Did I record a resonace?

  • Thread starter IRL303
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  • #1
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Hi gang.

I wanted to see what would happen if I placed a cassette tape in-front of a speaker then a microphone behind the cassette which was hooked up to a oscilloscope. The mic was set to record when it detected sound. So I turned the mic on and ran a frequency from 30Hz to 200Hz right around 80Hz the mic activated and the oscilloscope starts to move. Around 100Hz its really moving. After it was done I looked at what it had recored in a program called wavepad and sure enough there was a waveform. In some places of the waveform there was a very crude looking sine wave that was distorted but, in other places it was very level and the up and down parts of the wave matched perfect.

So I was wondering if someone might be able to tell me what I recorded. I thought maybe it was just the test tone from the speaker the mic was picking up but the oscillator would of picked it up straight away as soon as I pressed play as would of the mic. I would be very greatful if someone could tell me what is going on... If anything?

Thanks guys.
 

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  • #2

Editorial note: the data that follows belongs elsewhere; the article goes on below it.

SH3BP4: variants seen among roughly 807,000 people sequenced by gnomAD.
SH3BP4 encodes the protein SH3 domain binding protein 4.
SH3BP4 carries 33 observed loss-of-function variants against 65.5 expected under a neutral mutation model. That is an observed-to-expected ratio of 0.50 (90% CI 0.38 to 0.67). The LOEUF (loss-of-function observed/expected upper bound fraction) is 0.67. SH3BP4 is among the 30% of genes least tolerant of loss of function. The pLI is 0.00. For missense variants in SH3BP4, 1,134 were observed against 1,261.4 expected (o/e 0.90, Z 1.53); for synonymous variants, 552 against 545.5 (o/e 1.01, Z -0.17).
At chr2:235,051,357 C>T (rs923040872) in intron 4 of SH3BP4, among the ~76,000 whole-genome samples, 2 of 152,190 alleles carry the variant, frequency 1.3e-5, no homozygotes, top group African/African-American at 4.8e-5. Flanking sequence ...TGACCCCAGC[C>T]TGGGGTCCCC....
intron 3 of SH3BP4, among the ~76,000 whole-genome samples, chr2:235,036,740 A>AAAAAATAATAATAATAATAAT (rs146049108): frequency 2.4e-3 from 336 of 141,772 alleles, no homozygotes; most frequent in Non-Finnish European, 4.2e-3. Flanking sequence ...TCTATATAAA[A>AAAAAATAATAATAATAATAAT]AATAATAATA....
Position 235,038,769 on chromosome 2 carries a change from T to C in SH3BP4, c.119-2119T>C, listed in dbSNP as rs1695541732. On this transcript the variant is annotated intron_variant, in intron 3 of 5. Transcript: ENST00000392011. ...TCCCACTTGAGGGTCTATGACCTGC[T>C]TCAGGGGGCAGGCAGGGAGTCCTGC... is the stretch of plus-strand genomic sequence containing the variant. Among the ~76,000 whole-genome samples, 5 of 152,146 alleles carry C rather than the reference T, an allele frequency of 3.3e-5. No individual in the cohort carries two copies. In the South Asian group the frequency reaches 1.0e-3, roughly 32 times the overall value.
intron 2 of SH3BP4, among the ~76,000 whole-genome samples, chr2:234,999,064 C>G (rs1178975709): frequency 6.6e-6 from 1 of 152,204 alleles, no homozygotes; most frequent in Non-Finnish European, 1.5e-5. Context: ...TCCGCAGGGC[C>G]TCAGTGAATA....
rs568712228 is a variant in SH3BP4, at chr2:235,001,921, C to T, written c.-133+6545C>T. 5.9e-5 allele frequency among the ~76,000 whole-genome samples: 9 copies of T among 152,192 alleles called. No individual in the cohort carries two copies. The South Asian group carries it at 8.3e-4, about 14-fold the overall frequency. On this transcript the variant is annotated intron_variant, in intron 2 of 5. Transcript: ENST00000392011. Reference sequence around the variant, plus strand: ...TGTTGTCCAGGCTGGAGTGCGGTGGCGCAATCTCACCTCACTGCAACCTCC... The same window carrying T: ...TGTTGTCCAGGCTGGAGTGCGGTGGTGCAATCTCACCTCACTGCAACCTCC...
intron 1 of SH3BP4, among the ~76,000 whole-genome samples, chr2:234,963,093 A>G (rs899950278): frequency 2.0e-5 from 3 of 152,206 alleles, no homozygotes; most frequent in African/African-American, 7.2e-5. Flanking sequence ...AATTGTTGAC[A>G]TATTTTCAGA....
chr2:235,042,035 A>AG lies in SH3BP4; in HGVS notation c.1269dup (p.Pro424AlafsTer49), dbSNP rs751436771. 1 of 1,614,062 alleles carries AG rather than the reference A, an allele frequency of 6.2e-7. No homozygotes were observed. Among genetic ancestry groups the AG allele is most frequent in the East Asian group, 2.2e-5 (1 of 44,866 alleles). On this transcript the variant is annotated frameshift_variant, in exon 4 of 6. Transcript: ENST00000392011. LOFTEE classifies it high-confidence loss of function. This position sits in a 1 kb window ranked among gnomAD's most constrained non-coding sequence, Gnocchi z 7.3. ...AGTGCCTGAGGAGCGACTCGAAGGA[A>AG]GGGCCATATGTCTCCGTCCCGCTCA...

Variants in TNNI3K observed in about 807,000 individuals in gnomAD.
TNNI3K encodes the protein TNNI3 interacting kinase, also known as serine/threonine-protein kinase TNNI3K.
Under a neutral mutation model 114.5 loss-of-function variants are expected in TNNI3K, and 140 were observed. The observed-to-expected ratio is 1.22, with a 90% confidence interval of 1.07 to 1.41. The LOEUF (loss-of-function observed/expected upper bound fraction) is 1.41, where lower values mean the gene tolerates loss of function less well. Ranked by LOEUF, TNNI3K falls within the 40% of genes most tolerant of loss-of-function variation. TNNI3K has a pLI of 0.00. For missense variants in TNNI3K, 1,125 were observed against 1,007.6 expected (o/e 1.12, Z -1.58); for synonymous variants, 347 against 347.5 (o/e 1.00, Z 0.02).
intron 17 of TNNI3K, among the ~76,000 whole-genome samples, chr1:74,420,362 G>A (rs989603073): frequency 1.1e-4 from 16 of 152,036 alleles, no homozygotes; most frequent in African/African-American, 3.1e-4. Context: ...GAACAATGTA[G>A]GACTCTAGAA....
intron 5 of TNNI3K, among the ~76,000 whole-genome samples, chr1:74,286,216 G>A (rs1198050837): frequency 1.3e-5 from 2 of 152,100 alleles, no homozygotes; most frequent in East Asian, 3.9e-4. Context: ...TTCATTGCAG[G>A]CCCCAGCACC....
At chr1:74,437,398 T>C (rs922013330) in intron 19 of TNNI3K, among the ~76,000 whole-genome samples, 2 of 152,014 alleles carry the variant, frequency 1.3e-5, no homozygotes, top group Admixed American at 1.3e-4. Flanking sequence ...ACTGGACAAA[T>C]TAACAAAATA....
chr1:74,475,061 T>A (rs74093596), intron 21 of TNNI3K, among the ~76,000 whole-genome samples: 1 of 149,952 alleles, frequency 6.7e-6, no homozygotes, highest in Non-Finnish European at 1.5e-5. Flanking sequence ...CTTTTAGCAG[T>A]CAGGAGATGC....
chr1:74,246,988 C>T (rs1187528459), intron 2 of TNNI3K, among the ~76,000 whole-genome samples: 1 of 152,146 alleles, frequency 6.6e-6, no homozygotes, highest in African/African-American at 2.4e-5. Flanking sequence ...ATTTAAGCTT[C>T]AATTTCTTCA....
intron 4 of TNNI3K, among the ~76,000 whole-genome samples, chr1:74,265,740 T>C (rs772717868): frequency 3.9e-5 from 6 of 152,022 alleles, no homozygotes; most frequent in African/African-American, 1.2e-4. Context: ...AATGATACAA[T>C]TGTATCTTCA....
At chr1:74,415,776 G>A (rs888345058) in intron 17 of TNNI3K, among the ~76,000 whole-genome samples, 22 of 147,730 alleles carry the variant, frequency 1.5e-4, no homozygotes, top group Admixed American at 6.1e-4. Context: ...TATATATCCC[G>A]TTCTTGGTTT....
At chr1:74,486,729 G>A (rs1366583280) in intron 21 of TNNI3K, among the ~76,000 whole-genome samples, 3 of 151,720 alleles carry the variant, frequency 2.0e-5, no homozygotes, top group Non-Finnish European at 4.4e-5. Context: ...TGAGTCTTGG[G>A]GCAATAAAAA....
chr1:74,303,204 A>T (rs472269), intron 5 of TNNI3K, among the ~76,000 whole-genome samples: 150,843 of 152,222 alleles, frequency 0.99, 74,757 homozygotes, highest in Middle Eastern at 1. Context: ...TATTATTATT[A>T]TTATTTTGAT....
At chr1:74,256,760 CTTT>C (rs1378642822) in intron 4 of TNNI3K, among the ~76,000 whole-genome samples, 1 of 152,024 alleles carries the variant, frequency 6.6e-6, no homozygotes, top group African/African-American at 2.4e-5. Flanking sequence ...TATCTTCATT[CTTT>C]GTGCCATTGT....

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I'm not entirely clear on your experimental setup, but...

If what you got was a reasonable sound/shape that increased in volume as you raised the frequency, I think what you recorded was the frequency response of the speaker and mic. If you got something that ramped up and then back down in volume as the frequency increased I'd say the peak would be at the resonance of the system.

Can you explain what you are doing and why a bit more?
 
  • #3
sophiecentaur
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Your average room is full of resonances. They are often quite 'broad' and your ears / brain edit out the frequency response when listening to stuff. At the same time, you get an impression of what the room is like - i.e. size, quantity of soft furnishings etc. from what your ears pick up (colouration). A loudspeaker and microphone combination include so such 'intelligence' and the microphone just picks up the sound, warts and all.

If you pay loadsa money and buy yourself a hugely expensive hi-fi system and play it in a room with no acoustic treatment (your bathroom?), you have, in many ways, wasted your money. The frequency response will be rubbish but your ears may hear an OK sound.
 

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